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Can someone show me a working example of how to generate a SHA hash of a string that I have, say myPassword := "beautiful" , using Go 1 ?

The docs pages lack examples and I could not find any working code on Google.

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1  
If password hashing is actually what you're doing, you should not be using bare SHA1 for this - use PBKDF2, SCRYPT, or BCRYPT. –  Nick Johnson May 23 '12 at 3:22
    
Yes, I would like to do any of that. But golang does not support any of them natively and I don't want to rely on third party libraries. –  Sankar P May 23 '12 at 6:03
    
So use Sha256. And don't be too afraid : even if it's now known that sha1 is theoretically not as strong as we initially thought it was, a brute attack is still quasi impossible. Don't forget to add a salt, though, to protect your user for database searches. With SHA 256 and a salt, you're OK. –  dystroy May 23 '12 at 6:05
    
Relying on a third party library is infinitely better than using unsalted, un-iterated SHA1 just because it's available. –  Nick Johnson May 23 '12 at 6:06
1  
@dystroy The issue is not the strength of SHA1; it's the lack of a salt and key stretching. Adding a salt alone is insufficient, too - you should use an algorithm that iterates. –  Nick Johnson May 23 '12 at 6:06

3 Answers 3

up vote 19 down vote accepted

An example :

https://github.com/Canop/braldop/blob/master/go/src/braldopserver/BraldopServer.go

The interesting function starts at line 73

Here's a simplified version :

import (
    "bra"
    "crypto/sha1"
    "encoding/base64"
)

func (ms *MapServer) stockeVue(bv []byte) {
    hasher := sha1.New()
    hasher.Write(bv)
    sha := base64.URLEncoding.EncodeToString(hasher.Sum(nil))
        ...
}

In this sample I make a sha from a byte array. You can get the byte array using

bv := []byte(myPassword) 

Of course you don't need to encode it in base64 if you don't have to : you may use the raw byte array returned by the Sum function.

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Thanks a lot. It helped. –  Sankar P May 22 '12 at 13:15
1  
The usual way to represent a sha as a string is hex encoding not base64. –  Jeremy Wall May 22 '12 at 22:24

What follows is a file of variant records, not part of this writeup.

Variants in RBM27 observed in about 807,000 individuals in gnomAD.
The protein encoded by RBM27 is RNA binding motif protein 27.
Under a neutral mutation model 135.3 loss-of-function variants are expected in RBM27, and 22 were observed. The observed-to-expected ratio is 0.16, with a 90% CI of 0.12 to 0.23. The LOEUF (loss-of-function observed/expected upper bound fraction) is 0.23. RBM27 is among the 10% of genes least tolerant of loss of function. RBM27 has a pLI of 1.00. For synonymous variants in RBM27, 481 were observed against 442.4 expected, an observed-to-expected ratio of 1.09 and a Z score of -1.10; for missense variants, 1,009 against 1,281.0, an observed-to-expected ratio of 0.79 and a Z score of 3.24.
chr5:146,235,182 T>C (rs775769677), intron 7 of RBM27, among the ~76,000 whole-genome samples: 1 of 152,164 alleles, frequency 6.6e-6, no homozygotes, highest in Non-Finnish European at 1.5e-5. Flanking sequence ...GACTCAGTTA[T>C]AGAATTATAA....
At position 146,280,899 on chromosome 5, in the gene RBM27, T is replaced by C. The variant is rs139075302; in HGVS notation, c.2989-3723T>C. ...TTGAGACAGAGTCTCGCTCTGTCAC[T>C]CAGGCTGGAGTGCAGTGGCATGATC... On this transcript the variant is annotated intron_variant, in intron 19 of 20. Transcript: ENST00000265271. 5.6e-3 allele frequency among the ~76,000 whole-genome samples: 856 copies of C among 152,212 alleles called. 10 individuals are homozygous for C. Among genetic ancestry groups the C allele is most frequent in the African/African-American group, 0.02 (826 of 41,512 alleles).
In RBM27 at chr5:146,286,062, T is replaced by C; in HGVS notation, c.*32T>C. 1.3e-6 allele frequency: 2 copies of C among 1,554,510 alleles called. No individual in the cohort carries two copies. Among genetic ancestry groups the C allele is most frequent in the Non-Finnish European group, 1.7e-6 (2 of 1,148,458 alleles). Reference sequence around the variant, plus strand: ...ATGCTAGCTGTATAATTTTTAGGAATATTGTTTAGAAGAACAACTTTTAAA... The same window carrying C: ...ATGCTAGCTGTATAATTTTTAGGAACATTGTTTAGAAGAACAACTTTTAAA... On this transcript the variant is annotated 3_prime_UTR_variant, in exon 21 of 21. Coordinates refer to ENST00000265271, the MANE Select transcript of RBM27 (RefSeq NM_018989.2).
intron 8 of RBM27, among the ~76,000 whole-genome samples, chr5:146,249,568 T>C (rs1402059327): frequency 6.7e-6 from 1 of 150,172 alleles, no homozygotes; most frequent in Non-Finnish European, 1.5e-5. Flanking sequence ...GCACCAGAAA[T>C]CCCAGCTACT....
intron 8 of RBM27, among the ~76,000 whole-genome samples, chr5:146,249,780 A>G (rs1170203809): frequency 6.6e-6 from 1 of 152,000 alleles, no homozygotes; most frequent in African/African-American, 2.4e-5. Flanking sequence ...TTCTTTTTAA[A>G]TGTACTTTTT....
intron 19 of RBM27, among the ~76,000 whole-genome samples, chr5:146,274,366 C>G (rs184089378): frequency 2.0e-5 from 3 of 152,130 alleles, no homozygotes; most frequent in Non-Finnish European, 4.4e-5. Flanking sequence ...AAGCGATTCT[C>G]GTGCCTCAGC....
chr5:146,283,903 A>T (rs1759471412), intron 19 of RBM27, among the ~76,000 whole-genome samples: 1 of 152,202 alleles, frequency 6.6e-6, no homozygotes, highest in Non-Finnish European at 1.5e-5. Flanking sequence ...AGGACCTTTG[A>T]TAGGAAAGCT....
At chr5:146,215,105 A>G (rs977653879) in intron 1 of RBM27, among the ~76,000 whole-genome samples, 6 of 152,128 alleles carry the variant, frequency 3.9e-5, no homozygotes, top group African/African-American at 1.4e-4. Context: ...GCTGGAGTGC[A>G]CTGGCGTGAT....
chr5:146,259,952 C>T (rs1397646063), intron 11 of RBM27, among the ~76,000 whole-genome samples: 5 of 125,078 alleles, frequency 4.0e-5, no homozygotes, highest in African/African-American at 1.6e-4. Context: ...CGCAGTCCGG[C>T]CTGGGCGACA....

Depends on your need. Hex encoding is good for humans but even heavier than base64. If you want to store your hash in a db, or send it in json, or use it as a file name (as in my example), I think base64 is better. –  dystroy May 23 '12 at 5:59
    
base64 is a good way to obfuscate the data in the db too –  Brenden Nov 12 '13 at 17:48
    
@Brenden What do you mean ? Why do you want to obfuscate data in DB if it's so easy to reverse ? –  dystroy Nov 12 '13 at 17:49

The package documentation at http://golang.org/pkg/crypto/sha1/ does have an example that demonstrates this. It's stated as an example of the New function, but it's the only example on the page and it has a link right near the top of the page so it is worth looking at. The complete example is,

Code:

h := sha1.New()
io.WriteString(h, "His money is twice tainted: 'taint yours and 'taint mine.")
fmt.Printf("% x", h.Sum(nil))

Output:

59 7f 6a 54 00 10 f9 4c 15 d7 18 06 a9 9a 2c 87 10 e7 47 bd

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It does. Seems like it is so hard to find with so many hidden parts. Usability issue. –  Sankar P May 23 '12 at 6:04
2  
@SankarP : For now, especially if you don't program in Go every day, it's a little hard to understand how to use the API. I found it easier to read the API source code (which is generally simple). It will probably be easier with time and more online third parties examples and docs. –  dystroy May 23 '12 at 6:12
1  
@SankarP: Try godock.org for easier standard library api navigation. –  flowerborn May 10 '13 at 14:24
4  
h.Write([]byte("some string") is more concise than your given example using WriteString –  Brenden Nov 12 '13 at 17:49

Here's some good examples:

The second example targets sha256, to do sha1 hexadecimal you'd do:

// Calculate the hexadecimal HMAC SHA1 of requestDate using sKey                
key := []byte(c.SKey)                                                           
h := hmac.New(sha1.New, key)                                                    
h.Write([]byte(requestDate))                                                    
hmacString := hex.EncodeToString(h.Sum(nil))

(from https://github.com/soniah/dnsmadeeasy)

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